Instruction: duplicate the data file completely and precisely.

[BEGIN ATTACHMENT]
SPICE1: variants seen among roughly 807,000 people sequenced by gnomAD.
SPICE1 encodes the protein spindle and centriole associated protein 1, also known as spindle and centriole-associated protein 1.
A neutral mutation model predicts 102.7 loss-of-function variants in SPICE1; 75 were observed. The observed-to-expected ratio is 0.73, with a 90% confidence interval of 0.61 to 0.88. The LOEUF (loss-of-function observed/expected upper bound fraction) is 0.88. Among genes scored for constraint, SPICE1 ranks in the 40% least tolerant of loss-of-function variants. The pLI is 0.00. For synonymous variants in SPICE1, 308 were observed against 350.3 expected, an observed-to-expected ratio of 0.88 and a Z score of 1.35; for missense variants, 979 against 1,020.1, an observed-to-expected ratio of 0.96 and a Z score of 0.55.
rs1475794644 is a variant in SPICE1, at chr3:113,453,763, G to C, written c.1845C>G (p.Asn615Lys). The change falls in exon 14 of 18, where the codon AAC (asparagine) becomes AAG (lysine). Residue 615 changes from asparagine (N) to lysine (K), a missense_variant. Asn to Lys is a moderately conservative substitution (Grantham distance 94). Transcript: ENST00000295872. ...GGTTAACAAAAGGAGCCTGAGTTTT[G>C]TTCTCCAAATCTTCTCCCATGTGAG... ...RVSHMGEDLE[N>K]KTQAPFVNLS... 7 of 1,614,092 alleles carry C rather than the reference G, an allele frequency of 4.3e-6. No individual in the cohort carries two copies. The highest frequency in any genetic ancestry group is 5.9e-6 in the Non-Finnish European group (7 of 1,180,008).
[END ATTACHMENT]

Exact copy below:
SPICE1: variants seen among roughly 807,000 people sequenced by gnomAD.
SPICE1 encodes the protein spindle and centriole associated protein 1, also known as spindle and centriole-associated protein 1.
A neutral mutation model predicts 102.7 loss-of-function variants in SPICE1; 75 were observed. The observed-to-expected ratio is 0.73, with a 90% confidence interval of 0.61 to 0.88. The LOEUF (loss-of-function observed/expected upper bound fraction) is 0.88. Among genes scored for constraint, SPICE1 ranks in the 40% least tolerant of loss-of-function variants. The pLI is 0.00. For synonymous variants in SPICE1, 308 were observed against 350.3 expected, an observed-to-expected ratio of 0.88 and a Z score of 1.35; for missense variants, 979 against 1,020.1, an observed-to-expected ratio of 0.96 and a Z score of 0.55.
rs1475794644 is a variant in SPICE1, at chr3:113,453,763, G to C, written c.1845C>G (p.Asn615Lys). The change falls in exon 14 of 18, where the codon AAC (asparagine) becomes AAG (lysine). Residue 615 changes from asparagine (N) to lysine (K), a missense_variant. Asn to Lys is a moderately conservative substitution (Grantham distance 94). Transcript: ENST00000295872. ...GGTTAACAAAAGGAGCCTGAGTTTT[G>C]TTCTCCAAATCTTCTCCCATGTGAG... ...RVSHMGEDLE[N>K]KTQAPFVNLS... 7 of 1,614,092 alleles carry C rather than the reference G, an allele frequency of 4.3e-6. No individual in the cohort carries two copies. The highest frequency in any genetic ancestry group is 5.9e-6 in the Non-Finnish European group (7 of 1,180,008).